In December, a project for four supervised injection sites in Montreal was put into action by the city’s public health department, which submitted a proposal to the provincial government requesting funding for the planned sites. The news comes after years of effort on the part of advocates across the city, who have been working to ensure the safety of drug users, despite the harmful and dangerous social stigma that surrounds drug use and addiction.
Supervised injection sites are centres where drug users can access clean needles and safely inject pre-obtained drugs under the supervision of a nurse or medical professional. Such sites are crucial in preventing the spread of infections and diseases, such as HIV/AIDS and hepatitis C, among drug users, as well as preventing other injection-related problems such as overdose and vein damage. They also provide a safe, judgement-free space for drug users, and serve as a place for drug users to seek detox treatment or other forms of support if they so choose. Supervised injection sites have not been found to contribute to any sort of increase in crime or drug-related debris, nullifying the arguments of many critics. Furthermore, in terms of public health spending, the planned safe injection sites are expected to pay for themselves after four years.
Supervised injection sites are an important component of a harm reduction drug strategy, an approach that has been neglected at the federal level, particularly with the Conservative government’s misguided anti-drug campaign. This can be seen in measures such as the failed “Respect for Communities Act,” which sought to make it more difficult to open safe injection sites. With such a toxic climate at the federal level, the burden of crucial work falls to individual cities, oftentimes to community and advocacy organizations. One example of this is Vancouver’s Insite, the first supervised injection site on the continent. Insite’s impact has been pronounced: it has seen a decline of 35 per cent in overdose deaths at the clinic, compared to a 9 per cent drop city-wide, and there has been a 30 per cent increase in people seeking detox treatment since its opening – all despite the lack of federal support for its activities.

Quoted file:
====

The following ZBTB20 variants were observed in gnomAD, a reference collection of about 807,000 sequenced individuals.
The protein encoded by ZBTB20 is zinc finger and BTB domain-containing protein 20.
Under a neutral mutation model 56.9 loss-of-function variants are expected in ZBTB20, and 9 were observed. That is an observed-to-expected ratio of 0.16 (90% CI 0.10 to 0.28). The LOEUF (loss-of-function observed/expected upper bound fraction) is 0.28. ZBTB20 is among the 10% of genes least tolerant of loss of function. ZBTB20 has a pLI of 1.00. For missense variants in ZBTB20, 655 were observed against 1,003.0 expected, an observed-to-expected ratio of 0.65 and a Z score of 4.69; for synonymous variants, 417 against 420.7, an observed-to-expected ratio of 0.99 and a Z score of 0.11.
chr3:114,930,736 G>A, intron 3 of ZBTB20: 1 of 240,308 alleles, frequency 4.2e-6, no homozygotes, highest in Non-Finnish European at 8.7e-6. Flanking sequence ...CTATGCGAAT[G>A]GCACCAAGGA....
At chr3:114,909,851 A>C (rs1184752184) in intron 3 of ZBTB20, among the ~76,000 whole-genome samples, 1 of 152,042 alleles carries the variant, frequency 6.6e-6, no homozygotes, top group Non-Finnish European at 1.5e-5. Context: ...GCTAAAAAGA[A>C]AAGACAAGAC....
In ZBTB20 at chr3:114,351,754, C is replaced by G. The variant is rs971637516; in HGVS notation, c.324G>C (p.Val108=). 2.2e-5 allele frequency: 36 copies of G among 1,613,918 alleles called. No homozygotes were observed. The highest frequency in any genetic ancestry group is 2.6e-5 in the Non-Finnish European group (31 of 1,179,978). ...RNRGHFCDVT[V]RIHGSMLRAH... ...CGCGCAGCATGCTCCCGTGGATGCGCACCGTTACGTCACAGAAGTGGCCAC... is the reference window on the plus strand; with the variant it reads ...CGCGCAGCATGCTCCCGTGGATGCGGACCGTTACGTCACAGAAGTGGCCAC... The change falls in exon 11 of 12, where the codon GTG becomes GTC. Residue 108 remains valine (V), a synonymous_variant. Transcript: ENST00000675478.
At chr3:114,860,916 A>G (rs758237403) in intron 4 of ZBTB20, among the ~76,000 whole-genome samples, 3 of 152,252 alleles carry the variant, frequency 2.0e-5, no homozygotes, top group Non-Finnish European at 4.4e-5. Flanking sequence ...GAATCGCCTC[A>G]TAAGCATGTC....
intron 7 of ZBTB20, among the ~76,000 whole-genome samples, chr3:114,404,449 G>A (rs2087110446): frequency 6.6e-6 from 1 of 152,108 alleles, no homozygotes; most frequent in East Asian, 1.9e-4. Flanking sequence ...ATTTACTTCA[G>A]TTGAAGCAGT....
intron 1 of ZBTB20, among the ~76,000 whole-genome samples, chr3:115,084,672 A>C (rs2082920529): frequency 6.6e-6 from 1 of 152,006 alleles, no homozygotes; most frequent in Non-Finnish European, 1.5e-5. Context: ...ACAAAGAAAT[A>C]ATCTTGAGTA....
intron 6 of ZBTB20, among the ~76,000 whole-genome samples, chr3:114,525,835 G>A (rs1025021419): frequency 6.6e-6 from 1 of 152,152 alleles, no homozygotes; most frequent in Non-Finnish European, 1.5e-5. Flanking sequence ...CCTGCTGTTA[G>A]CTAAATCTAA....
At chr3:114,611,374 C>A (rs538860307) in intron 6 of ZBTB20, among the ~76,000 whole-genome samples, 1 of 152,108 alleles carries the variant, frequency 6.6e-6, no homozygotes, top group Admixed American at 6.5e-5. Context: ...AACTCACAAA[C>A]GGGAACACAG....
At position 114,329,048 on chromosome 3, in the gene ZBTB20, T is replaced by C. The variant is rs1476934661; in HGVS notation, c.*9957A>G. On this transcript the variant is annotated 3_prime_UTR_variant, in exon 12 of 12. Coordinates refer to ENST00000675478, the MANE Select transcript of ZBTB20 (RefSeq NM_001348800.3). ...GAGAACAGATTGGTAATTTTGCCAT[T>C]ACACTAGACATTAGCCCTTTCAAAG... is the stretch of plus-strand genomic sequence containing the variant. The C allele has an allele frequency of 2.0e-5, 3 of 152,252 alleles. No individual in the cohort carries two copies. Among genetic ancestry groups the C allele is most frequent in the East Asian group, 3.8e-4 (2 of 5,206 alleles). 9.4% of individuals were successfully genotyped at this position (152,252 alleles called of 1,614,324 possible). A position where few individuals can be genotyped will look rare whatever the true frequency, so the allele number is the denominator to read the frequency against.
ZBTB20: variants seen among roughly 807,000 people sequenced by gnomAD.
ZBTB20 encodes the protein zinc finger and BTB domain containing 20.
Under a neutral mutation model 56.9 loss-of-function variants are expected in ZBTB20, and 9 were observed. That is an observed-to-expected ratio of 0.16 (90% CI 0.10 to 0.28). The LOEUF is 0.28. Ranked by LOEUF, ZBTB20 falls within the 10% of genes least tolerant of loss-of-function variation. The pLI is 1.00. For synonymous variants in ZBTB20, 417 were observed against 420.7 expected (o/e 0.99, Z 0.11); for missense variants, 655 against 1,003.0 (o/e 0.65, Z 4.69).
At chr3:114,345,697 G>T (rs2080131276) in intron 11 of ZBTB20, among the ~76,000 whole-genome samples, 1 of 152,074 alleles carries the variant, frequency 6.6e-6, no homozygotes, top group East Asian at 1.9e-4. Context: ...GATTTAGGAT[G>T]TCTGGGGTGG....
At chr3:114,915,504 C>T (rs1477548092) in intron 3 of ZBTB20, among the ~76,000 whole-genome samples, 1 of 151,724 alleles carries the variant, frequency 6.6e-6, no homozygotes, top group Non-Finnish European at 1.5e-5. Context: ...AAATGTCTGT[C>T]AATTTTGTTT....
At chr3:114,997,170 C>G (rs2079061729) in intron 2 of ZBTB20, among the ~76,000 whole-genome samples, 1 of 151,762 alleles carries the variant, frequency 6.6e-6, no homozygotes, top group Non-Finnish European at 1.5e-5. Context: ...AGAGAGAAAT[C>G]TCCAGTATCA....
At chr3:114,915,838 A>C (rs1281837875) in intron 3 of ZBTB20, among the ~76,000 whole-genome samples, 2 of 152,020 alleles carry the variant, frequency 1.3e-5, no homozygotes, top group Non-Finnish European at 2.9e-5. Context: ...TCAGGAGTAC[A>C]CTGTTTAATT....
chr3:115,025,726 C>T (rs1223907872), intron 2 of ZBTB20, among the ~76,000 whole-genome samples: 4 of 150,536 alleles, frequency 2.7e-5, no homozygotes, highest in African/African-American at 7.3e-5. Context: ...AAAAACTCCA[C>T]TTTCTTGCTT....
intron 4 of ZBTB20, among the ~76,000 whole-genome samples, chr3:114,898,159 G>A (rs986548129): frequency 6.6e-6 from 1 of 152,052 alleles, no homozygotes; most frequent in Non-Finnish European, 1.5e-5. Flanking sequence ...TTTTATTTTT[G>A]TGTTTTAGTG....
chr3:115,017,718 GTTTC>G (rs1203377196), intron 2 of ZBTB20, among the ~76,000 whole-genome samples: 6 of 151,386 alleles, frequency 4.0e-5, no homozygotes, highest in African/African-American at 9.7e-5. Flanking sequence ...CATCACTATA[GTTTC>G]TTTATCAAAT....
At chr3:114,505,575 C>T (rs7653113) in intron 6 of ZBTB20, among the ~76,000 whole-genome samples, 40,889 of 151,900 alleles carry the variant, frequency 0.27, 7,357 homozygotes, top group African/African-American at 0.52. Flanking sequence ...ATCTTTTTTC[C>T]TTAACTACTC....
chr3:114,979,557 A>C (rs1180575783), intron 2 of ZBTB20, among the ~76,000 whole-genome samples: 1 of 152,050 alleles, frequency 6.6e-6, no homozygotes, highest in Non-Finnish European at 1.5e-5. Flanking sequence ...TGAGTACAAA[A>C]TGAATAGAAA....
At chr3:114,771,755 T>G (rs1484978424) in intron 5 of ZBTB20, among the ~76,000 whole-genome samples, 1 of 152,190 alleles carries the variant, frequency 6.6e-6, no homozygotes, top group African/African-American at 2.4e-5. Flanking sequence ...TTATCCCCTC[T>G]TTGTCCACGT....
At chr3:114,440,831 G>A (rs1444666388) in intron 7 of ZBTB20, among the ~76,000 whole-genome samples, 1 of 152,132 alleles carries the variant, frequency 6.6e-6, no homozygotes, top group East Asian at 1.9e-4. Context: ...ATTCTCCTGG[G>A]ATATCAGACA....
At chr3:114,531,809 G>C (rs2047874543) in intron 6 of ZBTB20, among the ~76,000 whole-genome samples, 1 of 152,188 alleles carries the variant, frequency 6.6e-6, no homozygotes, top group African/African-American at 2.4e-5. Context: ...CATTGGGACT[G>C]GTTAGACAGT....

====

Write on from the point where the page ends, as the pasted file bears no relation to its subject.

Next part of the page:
Here in Montreal, there will be multiple supervised injection sites, unlike the single Insite clinic in Vancouver. The project includes planned funding for three sites, as well as one mobile site. The sites hold the potential to make a tremendous impact; however, these projects will require ongoing support to ensure their success. Vancouver and Montreal, as of now, are the sole cities in Canada with plans for supervised injection sites, with none planned or present in the U.S. – a dispiriting sign for such an important resource that works against stigmatizing drug users.
The stigma surrounding drug users and addiction does not end with such initiatives, but they certainly help by normalizing the safe supervision of drug use. Open discussion is the most important step toward implementing adequate harm reduction strategies to face the reality of addiction and work toward healing. Addiction should not be treated as a criminal problem but as a public health issue.
—The McGill Daily Editorial Board